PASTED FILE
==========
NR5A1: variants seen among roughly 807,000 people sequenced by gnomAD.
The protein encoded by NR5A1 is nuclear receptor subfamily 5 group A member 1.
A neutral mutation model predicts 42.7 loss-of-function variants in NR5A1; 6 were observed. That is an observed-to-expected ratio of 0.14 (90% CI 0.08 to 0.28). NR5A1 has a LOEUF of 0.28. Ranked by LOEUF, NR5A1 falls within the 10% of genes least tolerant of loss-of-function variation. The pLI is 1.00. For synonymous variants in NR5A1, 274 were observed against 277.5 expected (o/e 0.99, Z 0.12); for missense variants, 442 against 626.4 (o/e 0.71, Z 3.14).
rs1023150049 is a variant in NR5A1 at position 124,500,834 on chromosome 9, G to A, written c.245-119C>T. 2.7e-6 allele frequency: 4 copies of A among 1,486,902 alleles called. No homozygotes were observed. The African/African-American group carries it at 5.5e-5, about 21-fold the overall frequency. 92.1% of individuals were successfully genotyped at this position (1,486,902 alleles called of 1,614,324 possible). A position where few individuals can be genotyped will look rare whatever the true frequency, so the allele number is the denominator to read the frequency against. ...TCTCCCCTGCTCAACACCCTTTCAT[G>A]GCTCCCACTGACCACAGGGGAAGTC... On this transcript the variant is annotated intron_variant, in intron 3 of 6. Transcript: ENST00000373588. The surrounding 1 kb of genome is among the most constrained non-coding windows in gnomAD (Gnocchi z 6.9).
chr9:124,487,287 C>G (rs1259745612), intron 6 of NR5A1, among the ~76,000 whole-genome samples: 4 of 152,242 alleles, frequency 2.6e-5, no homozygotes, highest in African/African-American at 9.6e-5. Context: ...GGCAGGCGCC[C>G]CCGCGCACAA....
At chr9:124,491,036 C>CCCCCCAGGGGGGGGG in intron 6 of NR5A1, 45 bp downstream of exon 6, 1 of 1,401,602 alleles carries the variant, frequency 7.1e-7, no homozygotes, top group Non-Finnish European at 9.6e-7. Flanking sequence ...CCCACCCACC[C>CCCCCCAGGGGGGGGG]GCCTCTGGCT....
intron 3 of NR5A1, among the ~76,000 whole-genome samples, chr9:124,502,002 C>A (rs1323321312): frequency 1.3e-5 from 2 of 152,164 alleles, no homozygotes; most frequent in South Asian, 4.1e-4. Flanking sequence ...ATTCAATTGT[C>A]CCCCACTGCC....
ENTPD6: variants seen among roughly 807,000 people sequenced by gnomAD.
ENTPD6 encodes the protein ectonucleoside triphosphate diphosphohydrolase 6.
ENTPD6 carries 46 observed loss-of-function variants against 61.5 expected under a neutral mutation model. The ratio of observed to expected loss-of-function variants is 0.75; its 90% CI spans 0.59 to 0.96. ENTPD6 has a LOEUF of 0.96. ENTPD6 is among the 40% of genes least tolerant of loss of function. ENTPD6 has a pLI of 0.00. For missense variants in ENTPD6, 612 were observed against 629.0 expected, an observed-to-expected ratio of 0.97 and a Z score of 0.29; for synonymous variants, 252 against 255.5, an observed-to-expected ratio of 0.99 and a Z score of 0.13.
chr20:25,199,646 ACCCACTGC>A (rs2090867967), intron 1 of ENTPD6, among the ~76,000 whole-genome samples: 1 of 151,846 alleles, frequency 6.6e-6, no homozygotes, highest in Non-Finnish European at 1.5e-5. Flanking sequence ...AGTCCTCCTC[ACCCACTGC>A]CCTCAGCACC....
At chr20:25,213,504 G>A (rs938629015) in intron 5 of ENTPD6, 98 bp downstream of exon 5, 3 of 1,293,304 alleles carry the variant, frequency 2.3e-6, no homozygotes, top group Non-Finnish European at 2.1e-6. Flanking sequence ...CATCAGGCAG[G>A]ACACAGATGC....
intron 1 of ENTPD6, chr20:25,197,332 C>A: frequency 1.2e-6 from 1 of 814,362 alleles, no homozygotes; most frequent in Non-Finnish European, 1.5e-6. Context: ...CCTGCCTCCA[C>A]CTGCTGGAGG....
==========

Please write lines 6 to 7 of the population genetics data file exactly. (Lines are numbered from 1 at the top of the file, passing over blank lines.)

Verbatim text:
At chr9:124,491,036 C>CCCCCCAGGGGGGGGG in intron 6 of NR5A1, 45 bp downstream of exon 6, 1 of 1,401,602 alleles carries the variant, frequency 7.1e-7, no homozygotes, top group Non-Finnish European at 9.6e-7. Flanking sequence ...CCCACCCACC[C>CCCCCCAGGGGGGGGG]GCCTCTGGCT....
intron 3 of NR5A1, among the ~76,000 whole-genome samples, chr9:124,502,002 C>A (rs1323321312): frequency 1.3e-5 from 2 of 152,164 alleles, no homozygotes; most frequent in South Asian, 4.1e-4. Flanking sequence ...ATTCAATTGT[C>A]CCCCACTGCC....